The author uses juxtaposition in stanza four to show how people normally convey death. A cottage is usually associated with images of warmth and coziness that one would want to live in it forever. The author uses a sharp juxtaposition to show how humans view death as dark, cold, and unfamiliar. The author wonders whether death will be like the cottage of darkness filled with hope (Oliver line 10). Oliver gives death a place to play with what humans think about it in their lives. Most people believe that death is an event and is not the case. The speakers want her audience to understand that death is a transition and is never scary. The stress the tone of hope while talking about death which is ironic because people experience hopelessness and fear when they experience death.
Oliver uses enjambment in stanzas five and six to enable the reader to create a pause when reading through the poem. Enjambment provides an insight into what one should know after reading a poem (Sawyer et al. 104). The speaker communicates to her audience that they should view life as being part of a community. Therefore, she says, ” I look upon everything as a brotherhood and sisterhood” (Oliver lines 11-12). Perhaps, Oliver wants her audience to know that everything in the community dies, and they should be ready to face reality. From the sixth stanza, the speaker wants the audience to understand that life resembles a lower and people must be prepared to recognize its commonness. Human life is compared to a flower that is beautiful and different. Each human is beautiful in their way but will always die like flowers.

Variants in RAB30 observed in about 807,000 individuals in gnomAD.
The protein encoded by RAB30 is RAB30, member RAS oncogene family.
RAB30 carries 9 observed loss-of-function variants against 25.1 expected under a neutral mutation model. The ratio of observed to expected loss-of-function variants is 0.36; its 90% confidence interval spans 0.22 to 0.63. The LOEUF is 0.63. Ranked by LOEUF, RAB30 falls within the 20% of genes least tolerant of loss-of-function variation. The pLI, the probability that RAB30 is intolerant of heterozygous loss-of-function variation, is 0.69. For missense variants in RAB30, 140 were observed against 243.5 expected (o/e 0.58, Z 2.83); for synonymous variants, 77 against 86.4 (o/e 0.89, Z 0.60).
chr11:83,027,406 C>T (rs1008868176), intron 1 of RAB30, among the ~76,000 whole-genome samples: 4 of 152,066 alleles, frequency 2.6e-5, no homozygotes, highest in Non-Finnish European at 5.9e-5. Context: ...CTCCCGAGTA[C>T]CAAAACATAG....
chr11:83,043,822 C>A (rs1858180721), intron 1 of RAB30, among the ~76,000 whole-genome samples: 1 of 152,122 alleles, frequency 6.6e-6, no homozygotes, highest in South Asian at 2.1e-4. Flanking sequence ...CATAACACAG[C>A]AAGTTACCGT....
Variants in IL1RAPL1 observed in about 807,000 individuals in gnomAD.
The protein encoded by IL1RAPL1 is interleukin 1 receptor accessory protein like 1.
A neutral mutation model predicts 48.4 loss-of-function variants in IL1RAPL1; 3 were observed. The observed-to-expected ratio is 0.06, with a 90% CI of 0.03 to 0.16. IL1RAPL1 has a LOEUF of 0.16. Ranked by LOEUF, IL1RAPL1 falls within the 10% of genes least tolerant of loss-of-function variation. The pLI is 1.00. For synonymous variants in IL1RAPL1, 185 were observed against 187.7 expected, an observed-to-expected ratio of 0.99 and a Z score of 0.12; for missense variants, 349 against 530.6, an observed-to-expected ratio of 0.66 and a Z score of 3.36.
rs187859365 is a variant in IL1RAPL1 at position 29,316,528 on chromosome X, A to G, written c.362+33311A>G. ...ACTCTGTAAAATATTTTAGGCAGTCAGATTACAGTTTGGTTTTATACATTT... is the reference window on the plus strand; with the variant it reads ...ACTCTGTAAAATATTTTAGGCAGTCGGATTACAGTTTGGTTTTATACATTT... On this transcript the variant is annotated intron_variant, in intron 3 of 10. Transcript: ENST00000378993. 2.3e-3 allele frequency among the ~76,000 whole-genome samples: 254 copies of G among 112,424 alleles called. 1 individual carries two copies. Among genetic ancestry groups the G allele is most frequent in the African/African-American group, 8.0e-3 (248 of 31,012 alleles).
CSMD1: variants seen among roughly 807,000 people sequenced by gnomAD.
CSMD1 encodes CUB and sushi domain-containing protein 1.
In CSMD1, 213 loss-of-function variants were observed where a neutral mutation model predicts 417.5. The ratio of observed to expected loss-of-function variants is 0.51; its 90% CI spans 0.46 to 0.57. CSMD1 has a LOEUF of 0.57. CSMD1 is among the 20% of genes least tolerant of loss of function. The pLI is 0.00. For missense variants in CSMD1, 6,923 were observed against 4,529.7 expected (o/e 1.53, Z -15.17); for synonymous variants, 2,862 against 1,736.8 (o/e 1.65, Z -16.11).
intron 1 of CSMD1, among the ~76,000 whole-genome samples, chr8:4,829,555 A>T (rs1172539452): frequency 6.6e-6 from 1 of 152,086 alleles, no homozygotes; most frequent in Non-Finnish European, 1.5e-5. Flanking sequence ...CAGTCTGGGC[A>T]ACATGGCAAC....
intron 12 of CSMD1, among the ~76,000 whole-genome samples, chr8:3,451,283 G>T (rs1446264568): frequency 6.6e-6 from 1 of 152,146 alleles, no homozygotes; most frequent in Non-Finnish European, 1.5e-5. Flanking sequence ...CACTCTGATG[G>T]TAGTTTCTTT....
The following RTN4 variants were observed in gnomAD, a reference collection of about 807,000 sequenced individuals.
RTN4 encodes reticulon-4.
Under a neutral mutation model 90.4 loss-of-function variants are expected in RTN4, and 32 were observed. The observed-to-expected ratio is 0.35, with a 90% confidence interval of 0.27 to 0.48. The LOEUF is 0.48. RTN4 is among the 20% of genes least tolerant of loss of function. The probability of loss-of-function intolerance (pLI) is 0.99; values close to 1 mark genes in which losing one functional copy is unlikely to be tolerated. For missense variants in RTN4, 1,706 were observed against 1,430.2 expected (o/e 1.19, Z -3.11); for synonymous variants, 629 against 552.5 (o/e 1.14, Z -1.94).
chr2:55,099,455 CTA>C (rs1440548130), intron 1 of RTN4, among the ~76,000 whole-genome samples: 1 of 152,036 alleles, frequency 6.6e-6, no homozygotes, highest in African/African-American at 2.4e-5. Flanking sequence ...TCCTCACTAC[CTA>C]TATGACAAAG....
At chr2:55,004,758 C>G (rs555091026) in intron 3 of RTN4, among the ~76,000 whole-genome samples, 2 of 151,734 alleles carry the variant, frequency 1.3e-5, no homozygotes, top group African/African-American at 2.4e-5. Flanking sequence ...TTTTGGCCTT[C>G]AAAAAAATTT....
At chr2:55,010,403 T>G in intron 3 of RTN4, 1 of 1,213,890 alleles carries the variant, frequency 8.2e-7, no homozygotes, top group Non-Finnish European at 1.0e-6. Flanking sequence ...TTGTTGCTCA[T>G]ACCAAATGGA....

Oliver uses repetition to show emphasis on life after she is done living. In stanzas nine and ten, Oliver insists on what will happen when life ends. Oliver considers herself the bride and the groom married to live, and she has all it takes to feel good. Repetitions in poetry give rise to different moods (Suryani 405). The repetition of the phrase “When it’s over” because she wants her readers to know that they can embrace life before death strikes them. However, the author explains that it is not her wish to know the only thing achieved was to visit the world (Oliver line 28). She wants people to be happy, that life is enjoyable, and everything is okay. She wants the audience to feel that life is important, and no one should regret not having achieved their dreams while alive. In life, human beings should learn to live to the fullest and take every chance that it offers.
Oliver uses different literary devices to convey her ideas to the reader. Personification helps emphasize death and what most people should believe when it strikes. Similes show a vast comparison of death’s comparison in the poem. When writing poetry, authors utilize enjambment devices to enable the readers to pause for a moment and reflect on what they have read. Authors should focus on using the proper literary devices that connect well will their contents when writing poems.
Ali, Ayad Hammad, and Omar Saadoon Ayyed. “Mechanism of Producing Personification in Emily Dickinson’s Poetry.” Journal of Tikrit University for the Humanities 28.7 (2021). Web.
Oliver, Mary. When Death Comes. Beacon Press, 1992.
Sawyer, Wayne, and Larissa McLean Davies. “What Do We Want Students to Know from Being Taught a Poem?.” Changing English 28.1 (2021): 103-117.
Suryani, Yeni. “Repetition as A Contemporary Portrait in Poetry (A Study of the Use of Majas in Poetry during the Covid-19 Pandemic Period).” International Conference on Education of Suryakancana (IConnects Proceedings). 2021. Web.
Zyarih, Baysh Jabaar. “A Comparative Study in the Poems of Iraj Mirza.” Al-Adab Journal 132 (2020). Web.